Tuesday, January 16, 2007
Vanessa L. Williams
Another installment in my ongoing series of articles on transgender and non-trans women who have qualities that I admire.
I remember that September 1983 morning that I woke up, opened up the Chronicle and read the story about Vanessa Lynn Willams becoming the first African-American to win the Miss America crown.
It along with the Miss Black America, Miss USA and Miss Universe pageants were my favorites to watch back in the day. I got more than a little fed up about the gorgeous sistahs who had graced the Miss USA, Miss America and Miss Universe pageant stages over the years who sometimes didn't even make it to the twelve semifinalist phase of the pageant. Janelle Commissiong of Trinidad and Tobago broke through in 1977 to becme the first woman of African descent to win Miss Universe, so I did hold out hope that a sistah would eventually do the same here in the States.
That year she and Suzette Charles made it to the five finalists but for some reason I turned the TV off and went to bed mumbling to myself, "They're gonna end up third and fourth runners-up." I was happy to see the picture of Vanessa eating breakfast in bed while I ate a Texas-sized portion of crow. (For the record, the first runner-up was Suzette Charles)
She goes from that lofty height of being Miss America 1984 to tragically having her crown stripped before her historic reign was about to end. After holding that press conference resigning the crown, many people wrote her off.
In 1988 I was driving home from work and was jamming to a brand new song being played on Majic 102 called 'The Right Stuff'. When the DJ annnounced that it was Vanessa Williams I was blown away.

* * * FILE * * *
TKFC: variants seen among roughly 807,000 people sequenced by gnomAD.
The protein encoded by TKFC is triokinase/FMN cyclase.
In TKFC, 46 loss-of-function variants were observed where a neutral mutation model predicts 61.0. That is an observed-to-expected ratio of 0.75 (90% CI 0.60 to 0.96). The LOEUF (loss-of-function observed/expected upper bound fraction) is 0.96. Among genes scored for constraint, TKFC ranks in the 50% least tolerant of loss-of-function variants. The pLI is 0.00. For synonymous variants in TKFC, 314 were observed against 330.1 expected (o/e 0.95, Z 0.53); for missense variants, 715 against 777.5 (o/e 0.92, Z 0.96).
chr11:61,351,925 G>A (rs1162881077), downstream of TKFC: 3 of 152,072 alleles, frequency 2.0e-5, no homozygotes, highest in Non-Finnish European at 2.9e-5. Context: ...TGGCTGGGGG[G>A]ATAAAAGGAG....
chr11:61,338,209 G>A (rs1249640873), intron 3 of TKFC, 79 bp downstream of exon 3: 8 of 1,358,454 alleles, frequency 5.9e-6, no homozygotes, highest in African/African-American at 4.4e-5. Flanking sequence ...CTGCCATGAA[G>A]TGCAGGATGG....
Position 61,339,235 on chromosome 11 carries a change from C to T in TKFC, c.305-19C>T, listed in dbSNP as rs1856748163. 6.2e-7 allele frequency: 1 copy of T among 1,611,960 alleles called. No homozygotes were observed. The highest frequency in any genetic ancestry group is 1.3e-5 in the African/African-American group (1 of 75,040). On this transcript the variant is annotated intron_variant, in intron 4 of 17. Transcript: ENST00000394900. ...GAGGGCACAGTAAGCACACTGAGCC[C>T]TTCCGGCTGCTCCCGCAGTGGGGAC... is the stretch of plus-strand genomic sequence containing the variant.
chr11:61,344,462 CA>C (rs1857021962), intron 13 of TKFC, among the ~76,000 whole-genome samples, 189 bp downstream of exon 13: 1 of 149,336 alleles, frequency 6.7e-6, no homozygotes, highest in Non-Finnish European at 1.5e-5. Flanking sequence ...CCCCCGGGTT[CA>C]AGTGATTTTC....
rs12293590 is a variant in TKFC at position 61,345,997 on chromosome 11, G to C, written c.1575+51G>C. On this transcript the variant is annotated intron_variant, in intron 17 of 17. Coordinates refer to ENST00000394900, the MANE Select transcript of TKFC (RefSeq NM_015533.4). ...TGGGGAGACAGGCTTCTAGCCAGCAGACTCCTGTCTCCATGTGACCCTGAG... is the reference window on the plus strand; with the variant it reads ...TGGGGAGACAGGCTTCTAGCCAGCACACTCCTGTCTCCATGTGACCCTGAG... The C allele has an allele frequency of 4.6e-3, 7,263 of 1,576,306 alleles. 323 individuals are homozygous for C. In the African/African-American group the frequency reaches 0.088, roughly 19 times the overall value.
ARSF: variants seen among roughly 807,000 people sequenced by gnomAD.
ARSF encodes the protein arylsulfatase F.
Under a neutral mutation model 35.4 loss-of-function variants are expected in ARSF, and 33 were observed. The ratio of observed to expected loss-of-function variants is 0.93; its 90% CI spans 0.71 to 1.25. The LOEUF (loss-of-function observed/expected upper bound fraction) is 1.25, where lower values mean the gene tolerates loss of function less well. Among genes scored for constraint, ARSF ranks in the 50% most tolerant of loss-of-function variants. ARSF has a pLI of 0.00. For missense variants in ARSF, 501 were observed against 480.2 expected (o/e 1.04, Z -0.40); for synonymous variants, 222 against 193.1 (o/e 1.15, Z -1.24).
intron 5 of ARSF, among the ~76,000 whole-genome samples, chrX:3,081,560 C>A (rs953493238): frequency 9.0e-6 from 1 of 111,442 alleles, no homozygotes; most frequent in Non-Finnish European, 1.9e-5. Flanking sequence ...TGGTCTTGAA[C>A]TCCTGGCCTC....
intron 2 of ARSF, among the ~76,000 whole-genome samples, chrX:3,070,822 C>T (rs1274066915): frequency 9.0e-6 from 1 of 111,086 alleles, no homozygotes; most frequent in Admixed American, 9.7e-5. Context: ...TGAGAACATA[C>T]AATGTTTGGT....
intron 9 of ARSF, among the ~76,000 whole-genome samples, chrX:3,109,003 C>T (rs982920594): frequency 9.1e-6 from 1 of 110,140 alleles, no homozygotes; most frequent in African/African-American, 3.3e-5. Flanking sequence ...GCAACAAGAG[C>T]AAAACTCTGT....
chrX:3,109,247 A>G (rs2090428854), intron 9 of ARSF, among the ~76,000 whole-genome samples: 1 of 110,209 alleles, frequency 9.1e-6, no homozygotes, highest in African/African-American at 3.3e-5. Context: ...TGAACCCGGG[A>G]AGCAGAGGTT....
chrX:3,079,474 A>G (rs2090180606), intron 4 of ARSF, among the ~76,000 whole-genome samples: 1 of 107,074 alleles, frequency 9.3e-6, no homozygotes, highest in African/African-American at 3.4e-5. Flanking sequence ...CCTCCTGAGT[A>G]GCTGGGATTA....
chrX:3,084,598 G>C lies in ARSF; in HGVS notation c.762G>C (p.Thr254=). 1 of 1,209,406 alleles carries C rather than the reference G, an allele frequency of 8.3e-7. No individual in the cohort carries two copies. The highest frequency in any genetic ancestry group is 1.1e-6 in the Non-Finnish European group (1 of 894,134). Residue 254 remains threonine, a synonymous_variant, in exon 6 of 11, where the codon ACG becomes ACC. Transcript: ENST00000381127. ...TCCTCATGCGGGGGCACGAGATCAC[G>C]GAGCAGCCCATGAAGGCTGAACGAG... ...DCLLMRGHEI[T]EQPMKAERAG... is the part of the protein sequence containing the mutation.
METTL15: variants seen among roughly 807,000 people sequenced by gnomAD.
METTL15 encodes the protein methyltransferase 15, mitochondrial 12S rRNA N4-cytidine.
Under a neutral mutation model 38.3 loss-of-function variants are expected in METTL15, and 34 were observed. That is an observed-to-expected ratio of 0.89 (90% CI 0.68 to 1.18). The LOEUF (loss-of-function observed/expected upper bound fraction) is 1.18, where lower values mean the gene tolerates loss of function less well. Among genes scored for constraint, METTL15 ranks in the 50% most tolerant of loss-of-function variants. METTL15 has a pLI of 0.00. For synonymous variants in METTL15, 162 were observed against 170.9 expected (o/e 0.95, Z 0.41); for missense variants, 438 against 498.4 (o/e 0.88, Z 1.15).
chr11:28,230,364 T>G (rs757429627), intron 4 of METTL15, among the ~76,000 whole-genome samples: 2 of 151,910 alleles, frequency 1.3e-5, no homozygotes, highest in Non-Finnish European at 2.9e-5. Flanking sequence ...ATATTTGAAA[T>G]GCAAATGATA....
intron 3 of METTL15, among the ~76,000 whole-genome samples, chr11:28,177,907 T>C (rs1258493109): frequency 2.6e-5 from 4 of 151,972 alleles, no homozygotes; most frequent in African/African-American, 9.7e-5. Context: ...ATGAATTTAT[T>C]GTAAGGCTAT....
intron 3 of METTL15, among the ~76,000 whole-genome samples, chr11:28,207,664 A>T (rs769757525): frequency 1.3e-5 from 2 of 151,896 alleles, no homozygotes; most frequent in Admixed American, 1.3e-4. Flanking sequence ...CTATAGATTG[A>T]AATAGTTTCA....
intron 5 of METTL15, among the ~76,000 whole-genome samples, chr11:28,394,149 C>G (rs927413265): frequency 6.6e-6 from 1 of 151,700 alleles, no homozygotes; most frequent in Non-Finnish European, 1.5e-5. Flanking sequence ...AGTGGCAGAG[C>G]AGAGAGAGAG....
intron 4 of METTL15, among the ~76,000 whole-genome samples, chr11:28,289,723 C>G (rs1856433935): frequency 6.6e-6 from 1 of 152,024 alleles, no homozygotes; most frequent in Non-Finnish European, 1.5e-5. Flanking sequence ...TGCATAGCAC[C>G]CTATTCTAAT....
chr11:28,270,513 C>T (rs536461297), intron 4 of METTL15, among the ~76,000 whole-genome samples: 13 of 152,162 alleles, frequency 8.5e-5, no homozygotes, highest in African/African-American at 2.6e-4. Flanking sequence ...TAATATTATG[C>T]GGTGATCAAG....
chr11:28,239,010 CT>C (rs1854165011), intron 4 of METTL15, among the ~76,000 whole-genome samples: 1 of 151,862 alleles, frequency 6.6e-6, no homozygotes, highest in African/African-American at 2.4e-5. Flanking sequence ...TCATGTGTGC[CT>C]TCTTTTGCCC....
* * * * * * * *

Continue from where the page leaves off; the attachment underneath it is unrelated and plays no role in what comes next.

Vanessa still has it going on. She oozes style and class. She's had the right stuff for years. She's done hit movies, Broadway, television and recorded hit albums. She's nominated for numerous awards, won a Grammy and NAACP Image Awards. Vanessa turned a moment that would have broken some people into a triumphant career that makes her arguably the most successful Miss America ever. I still laugh when I read the story about the prophetic birth announcement her parents issued when she was born March 18, 1963 that stated 'Here She Is, Miss America.'
As you can tell, I'm proud of her and I'm still a fan. She's on my short list of artists who if they release a CD I don't insist on listening to it before I buy it. I just simply snap it up and take it home. I have the same reaction to any movie or television show that she's involved in. I'd heard about 'Ugly Betty', but once I found out she was part of the show's cast it's Must See TV for moi.
One of the lessons I take from her life is never give up on your dreams no matter what obstacles are placed in your path. Keep fighting for them and they will happen.